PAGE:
• Being called on in meeting/class
  • Going on a date
  • Making phone calls
  • Using public bathrooms
  • Taking exams
  • Eating or drinking in public
  • Speaking up in a meeting
  • Attending parties
  • Intense worry for days, weeks, or even months before an upcoming social situation

  • Extreme fear of being watched or judged by others, especially people you don’t know

  • Excessive self-consciousness and anxiety in everyday social situations

  • Fear that you’ll act in ways that that will embarrass or humiliate yourself

  • Fear that others will notice that you’re nervous

  • Avoidance of social situations to a degree that limits your activities or disrupts your life

An example of social anxiety:  Matthew's story

Matthew skipped class today. It’s the first day of the new semester, and he’s afraid that the professor will go around the class and have the students introduce themselves. He knows it shouldn’t be a big deal, but it really stresses him out. Whenever he has to speak in front of more than just a few people, his voice starts shaking and his face gets red. He always feels so humiliated afterwards.

Since public speaking is Matthew’s worst nightmare, he’s been avoiding a speech class he has to take in order to graduate. He’s also dreading his brother’s wedding, even though it’s over six months away. As the best man, he’ll have to give a toast at the reception and he’s already nervous about it.

View more personal stories of social anxiety.

Underlying social anxiety disorder is the fear of being scrutinized, judged, or embarrassed in public. You may be afraid that people will think badly of you or that you won’t measure up in comparison to others. And even though you probably realize that your fears of being judged are at least somewhat irrational and overblown, you still can’t help feeling anxious.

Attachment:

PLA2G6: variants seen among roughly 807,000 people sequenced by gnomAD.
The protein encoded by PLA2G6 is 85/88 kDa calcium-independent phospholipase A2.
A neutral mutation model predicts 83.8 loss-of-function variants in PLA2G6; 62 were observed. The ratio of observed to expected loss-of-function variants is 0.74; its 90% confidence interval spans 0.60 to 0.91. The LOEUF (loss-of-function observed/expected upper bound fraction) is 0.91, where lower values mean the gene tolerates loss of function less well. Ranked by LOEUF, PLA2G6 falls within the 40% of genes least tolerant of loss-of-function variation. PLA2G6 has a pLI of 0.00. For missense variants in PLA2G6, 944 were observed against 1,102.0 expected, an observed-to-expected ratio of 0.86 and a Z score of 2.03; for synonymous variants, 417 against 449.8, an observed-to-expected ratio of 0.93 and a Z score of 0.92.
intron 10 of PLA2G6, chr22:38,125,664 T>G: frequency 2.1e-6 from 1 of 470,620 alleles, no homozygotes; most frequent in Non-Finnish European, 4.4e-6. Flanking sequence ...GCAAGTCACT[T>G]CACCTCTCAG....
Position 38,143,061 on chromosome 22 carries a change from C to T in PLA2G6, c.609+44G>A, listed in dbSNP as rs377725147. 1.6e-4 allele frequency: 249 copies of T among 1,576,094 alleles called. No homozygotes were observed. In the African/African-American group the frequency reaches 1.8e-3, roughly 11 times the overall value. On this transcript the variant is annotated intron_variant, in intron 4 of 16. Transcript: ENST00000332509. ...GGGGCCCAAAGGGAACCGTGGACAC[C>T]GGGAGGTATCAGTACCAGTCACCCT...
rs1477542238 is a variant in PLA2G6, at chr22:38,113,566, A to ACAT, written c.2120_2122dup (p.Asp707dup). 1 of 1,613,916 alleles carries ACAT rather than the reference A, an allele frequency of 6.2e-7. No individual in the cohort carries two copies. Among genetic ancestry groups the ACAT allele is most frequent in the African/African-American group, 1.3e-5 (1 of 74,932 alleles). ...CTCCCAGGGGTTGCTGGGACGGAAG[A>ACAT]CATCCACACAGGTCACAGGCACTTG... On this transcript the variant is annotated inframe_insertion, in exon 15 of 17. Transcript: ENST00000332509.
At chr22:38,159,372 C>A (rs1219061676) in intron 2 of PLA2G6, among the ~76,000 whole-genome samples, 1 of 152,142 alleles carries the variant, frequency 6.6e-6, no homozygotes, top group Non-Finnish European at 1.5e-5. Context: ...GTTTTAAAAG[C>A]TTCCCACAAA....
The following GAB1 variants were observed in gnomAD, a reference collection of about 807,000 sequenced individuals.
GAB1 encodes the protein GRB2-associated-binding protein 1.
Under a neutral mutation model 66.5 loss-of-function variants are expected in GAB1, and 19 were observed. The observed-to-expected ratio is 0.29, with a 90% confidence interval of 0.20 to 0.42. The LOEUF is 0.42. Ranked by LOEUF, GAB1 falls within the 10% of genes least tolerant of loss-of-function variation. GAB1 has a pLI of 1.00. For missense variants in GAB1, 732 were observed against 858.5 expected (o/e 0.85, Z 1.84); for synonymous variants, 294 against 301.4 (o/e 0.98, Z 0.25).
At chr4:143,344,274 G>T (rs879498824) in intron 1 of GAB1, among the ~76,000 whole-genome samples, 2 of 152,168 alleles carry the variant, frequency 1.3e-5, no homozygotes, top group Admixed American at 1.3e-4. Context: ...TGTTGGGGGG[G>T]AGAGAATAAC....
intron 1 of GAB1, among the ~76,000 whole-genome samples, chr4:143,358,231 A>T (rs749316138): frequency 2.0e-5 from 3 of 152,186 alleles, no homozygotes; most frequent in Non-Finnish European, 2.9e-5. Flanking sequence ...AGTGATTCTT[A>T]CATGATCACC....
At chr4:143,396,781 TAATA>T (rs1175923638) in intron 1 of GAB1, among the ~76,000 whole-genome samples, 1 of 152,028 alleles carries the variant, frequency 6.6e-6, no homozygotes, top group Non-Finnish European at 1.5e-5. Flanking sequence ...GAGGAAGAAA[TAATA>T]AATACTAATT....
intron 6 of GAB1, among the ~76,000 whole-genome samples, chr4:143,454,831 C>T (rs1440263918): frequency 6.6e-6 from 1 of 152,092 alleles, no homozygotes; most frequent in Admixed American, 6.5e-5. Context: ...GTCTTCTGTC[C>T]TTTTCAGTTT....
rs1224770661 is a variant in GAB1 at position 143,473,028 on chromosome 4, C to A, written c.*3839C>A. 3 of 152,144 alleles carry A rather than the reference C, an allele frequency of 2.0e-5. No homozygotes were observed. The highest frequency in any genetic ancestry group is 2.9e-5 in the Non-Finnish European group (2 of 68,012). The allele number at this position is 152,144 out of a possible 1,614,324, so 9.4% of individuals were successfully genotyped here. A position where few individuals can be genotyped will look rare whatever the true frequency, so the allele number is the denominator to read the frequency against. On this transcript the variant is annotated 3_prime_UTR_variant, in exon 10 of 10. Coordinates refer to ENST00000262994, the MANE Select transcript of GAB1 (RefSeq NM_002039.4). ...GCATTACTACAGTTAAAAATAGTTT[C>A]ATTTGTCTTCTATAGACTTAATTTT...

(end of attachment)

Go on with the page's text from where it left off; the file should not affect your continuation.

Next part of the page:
Although it may feel like you’re the only one with this problem, social anxiety disorder is actually quite common.

Many people struggle with these fears. However, the situations that trigger the symptoms of social phobia can be different.

  • Meeting new people
  • Being the center of attention
  • Being watched while doing something
  • Making small talk
  • Public speaking
  • Performing on stage
  • Being teased or criticized
  • Talking with “important” people                     or authority figures

Psychological symptoms of social anxiety disorder:

The following situations are often stressful for people with social anxiety:

  • Trembling or shaking
  • Muscle tension
  • Blushing
  • Dizziness, feeling faint
  • Clammy hands
  • Twitching
  • Pounding heart or tight chest
  • Shaky voice
  • Rapid breathing
  • Sweating or hot flashes
  • Upset stomach, nausea
  • Dry mouth

Social Anxiety Disorder and Social Phobia

Social anxiety disorder, also known as social phobia, involves intense fear of certain social situations, especially situations that are unfamiliar or in which you’ll be watched or evaluated by others. These social situations may be so frightening that you get anxious just thinking about them or go to great lengths to avoid them.

Many people get nervous or self-conscious on occasion, when giving a speech or interviewing for a new job. However, social anxiety disorder is more than just shyness or occasional nerves.

If you have social and performance anxiety, your fear of embarrassing yourself is intense;

so intense, that you may go to great lengths to avoid situations that would trigger it,

or endure situations with much discomfort. It significantly interferes with your daily life.

The good news is that there are many effective options to help you manage

the symptoms of social anxiety and reclaim your life!

Physical symptoms of social anxiety disorder:

What is Social Anxiety?